Honestly, Perdido was so disappointing and aggravating I doubt Mieville will get another chance from me. There are too many other authors who might deserve it more. If you want to know why I dislike this book so much, flip to chapter 19 and read the first few pages (a single phrase or paragraph wouldn't do). It's emblematic of the problem with his writing. This is also apparent with many other aspects of Perdido; there's a lot of potential everywhere, but Mieville doesn't invest in it. The setting and the politics fall in the background, even though they started out strong. The characters start out as deep and flawed, haunted by trauma and desperation, a thirst for freedom and justice, love, a passion for art, deep scientific curiosity... but they never feel driven by these emotions, they always blindly follow the plot, so the more you see them, the more artificial they become... On the flip side, some characters are aliens with very creative physiques, but once you get inside their heads, their thought process is very human, even for those who claim otherwise. For the sake of other readers, I hope Mieville managed to overcome this major shortcoming, but it's so fundamental that I have sincere doubts.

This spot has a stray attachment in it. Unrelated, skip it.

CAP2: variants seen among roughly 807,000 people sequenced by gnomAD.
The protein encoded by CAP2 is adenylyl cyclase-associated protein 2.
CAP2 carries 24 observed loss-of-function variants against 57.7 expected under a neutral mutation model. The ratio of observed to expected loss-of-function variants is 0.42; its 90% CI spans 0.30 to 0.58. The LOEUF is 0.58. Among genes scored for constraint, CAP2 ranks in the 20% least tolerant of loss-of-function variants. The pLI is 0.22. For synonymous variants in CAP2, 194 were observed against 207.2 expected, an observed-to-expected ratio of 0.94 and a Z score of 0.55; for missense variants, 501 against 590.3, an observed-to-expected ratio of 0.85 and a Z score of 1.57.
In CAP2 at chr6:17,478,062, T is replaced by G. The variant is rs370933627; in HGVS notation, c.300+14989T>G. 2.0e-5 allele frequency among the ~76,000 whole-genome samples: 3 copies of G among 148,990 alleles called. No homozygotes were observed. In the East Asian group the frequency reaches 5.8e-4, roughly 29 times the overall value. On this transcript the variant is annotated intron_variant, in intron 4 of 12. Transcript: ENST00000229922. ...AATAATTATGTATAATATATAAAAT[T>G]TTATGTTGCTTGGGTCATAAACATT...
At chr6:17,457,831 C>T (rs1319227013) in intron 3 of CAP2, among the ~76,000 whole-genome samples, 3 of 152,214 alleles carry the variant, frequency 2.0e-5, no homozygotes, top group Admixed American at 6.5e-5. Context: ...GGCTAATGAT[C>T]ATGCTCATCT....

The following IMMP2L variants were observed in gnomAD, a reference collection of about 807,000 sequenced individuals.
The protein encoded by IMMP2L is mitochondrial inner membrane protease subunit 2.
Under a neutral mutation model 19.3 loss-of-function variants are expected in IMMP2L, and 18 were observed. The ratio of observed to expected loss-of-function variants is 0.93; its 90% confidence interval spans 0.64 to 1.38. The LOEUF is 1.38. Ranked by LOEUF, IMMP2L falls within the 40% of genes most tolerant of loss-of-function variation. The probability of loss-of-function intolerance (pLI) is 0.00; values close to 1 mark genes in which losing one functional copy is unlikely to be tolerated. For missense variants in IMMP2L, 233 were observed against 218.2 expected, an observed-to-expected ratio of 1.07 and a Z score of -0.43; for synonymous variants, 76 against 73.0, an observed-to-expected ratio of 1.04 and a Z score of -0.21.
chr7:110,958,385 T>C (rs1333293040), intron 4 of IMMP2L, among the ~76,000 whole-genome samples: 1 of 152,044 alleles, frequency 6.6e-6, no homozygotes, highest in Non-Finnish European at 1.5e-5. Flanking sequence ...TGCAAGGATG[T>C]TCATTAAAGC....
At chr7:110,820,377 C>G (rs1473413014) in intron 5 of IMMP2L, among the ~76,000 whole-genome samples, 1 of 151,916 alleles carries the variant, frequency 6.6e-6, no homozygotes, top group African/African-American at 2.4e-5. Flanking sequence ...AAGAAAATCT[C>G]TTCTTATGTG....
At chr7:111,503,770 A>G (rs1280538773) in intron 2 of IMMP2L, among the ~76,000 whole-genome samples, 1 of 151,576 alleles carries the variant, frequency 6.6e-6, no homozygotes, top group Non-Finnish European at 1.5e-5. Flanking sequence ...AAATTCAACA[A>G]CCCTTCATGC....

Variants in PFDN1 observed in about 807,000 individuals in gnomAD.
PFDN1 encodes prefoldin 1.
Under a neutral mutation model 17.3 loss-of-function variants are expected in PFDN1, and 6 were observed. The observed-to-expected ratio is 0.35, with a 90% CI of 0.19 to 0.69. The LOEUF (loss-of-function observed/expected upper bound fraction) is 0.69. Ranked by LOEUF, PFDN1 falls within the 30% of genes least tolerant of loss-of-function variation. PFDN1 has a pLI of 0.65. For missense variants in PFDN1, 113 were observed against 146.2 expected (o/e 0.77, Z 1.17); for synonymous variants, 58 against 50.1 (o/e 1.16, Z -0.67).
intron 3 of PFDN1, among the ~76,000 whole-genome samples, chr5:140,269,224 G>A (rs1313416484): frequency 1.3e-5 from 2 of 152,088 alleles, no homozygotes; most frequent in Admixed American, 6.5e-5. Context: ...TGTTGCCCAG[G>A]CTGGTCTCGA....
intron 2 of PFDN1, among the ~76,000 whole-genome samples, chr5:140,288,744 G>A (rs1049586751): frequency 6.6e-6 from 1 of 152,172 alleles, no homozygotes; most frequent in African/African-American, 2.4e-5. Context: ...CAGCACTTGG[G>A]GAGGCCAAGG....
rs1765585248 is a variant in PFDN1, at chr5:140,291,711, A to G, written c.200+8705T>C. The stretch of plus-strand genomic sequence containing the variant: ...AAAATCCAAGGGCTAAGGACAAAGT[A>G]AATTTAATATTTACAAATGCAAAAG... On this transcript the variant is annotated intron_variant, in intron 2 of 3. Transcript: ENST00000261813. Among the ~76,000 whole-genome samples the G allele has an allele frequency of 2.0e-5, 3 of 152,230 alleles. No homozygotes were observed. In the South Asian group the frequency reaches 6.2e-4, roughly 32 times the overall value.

3. The Coconut God

    What are your Choices for the Most Literate Works of Fantasy

    Nabokov's Ada or Ardor and Bulgakov's The Master and Margarita are the best that come to mind, although it could be argued the fantasy elements lean more towards SF in the former and supernatural in the latter. One Hundred Years of Solitude can also be added to the list. Do yourselves a favor and steer away from Mieville, though. He's not literary, he's just pretentious. Fancy words covering up a cheesy, unfocused plot and cliched, poorly developed characters, or at least that's the impression I got from Perdido Street Station.